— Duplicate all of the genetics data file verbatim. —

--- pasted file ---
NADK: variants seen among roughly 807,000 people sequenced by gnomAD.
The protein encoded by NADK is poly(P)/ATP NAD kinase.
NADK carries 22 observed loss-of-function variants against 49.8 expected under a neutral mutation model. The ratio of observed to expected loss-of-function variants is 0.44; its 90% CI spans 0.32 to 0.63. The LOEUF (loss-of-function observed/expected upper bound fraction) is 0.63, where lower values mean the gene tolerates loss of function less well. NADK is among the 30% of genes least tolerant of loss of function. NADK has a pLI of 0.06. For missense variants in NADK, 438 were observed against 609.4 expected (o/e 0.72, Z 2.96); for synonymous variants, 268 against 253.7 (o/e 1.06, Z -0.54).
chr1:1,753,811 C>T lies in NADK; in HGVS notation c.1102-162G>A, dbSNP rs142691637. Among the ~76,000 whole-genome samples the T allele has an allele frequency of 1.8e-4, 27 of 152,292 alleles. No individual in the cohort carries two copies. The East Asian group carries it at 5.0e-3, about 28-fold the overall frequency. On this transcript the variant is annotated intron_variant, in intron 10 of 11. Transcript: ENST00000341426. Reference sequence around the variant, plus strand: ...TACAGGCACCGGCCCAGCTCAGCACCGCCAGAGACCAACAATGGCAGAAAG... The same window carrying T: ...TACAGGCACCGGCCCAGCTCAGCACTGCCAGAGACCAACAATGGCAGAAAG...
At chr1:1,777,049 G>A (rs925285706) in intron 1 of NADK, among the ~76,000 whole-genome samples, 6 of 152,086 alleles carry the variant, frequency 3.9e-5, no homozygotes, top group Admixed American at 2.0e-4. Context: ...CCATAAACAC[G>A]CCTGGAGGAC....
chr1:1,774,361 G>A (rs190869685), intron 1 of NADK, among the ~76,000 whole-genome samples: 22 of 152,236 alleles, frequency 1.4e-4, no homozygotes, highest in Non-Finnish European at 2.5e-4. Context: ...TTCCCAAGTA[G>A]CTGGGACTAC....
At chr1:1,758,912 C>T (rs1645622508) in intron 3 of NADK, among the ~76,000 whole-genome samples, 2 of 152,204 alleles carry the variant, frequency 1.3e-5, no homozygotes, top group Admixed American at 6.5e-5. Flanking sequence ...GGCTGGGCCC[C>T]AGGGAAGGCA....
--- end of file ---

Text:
NADK: variants seen among roughly 807,000 people sequenced by gnomAD.
The protein encoded by NADK is poly(P)/ATP NAD kinase.
NADK carries 22 observed loss-of-function variants against 49.8 expected under a neutral mutation model. The ratio of observed to expected loss-of-function variants is 0.44; its 90% CI spans 0.32 to 0.63. The LOEUF (loss-of-function observed/expected upper bound fraction) is 0.63, where lower values mean the gene tolerates loss of function less well. NADK is among the 30% of genes least tolerant of loss of function. NADK has a pLI of 0.06. For missense variants in NADK, 438 were observed against 609.4 expected (o/e 0.72, Z 2.96); for synonymous variants, 268 against 253.7 (o/e 1.06, Z -0.54).
chr1:1,753,811 C>T lies in NADK; in HGVS notation c.1102-162G>A, dbSNP rs142691637. Among the ~76,000 whole-genome samples the T allele has an allele frequency of 1.8e-4, 27 of 152,292 alleles. No individual in the cohort carries two copies. The East Asian group carries it at 5.0e-3, about 28-fold the overall frequency. On this transcript the variant is annotated intron_variant, in intron 10 of 11. Transcript: ENST00000341426. Reference sequence around the variant, plus strand: ...TACAGGCACCGGCCCAGCTCAGCACCGCCAGAGACCAACAATGGCAGAAAG... The same window carrying T: ...TACAGGCACCGGCCCAGCTCAGCACTGCCAGAGACCAACAATGGCAGAAAG...
At chr1:1,777,049 G>A (rs925285706) in intron 1 of NADK, among the ~76,000 whole-genome samples, 6 of 152,086 alleles carry the variant, frequency 3.9e-5, no homozygotes, top group Admixed American at 2.0e-4. Context: ...CCATAAACAC[G>A]CCTGGAGGAC....
chr1:1,774,361 G>A (rs190869685), intron 1 of NADK, among the ~76,000 whole-genome samples: 22 of 152,236 alleles, frequency 1.4e-4, no homozygotes, highest in Non-Finnish European at 2.5e-4. Context: ...TTCCCAAGTA[G>A]CTGGGACTAC....
At chr1:1,758,912 C>T (rs1645622508) in intron 3 of NADK, among the ~76,000 whole-genome samples, 2 of 152,204 alleles carry the variant, frequency 1.3e-5, no homozygotes, top group Admixed American at 6.5e-5. Flanking sequence ...GGCTGGGCCC[C>T]AGGGAAGGCA....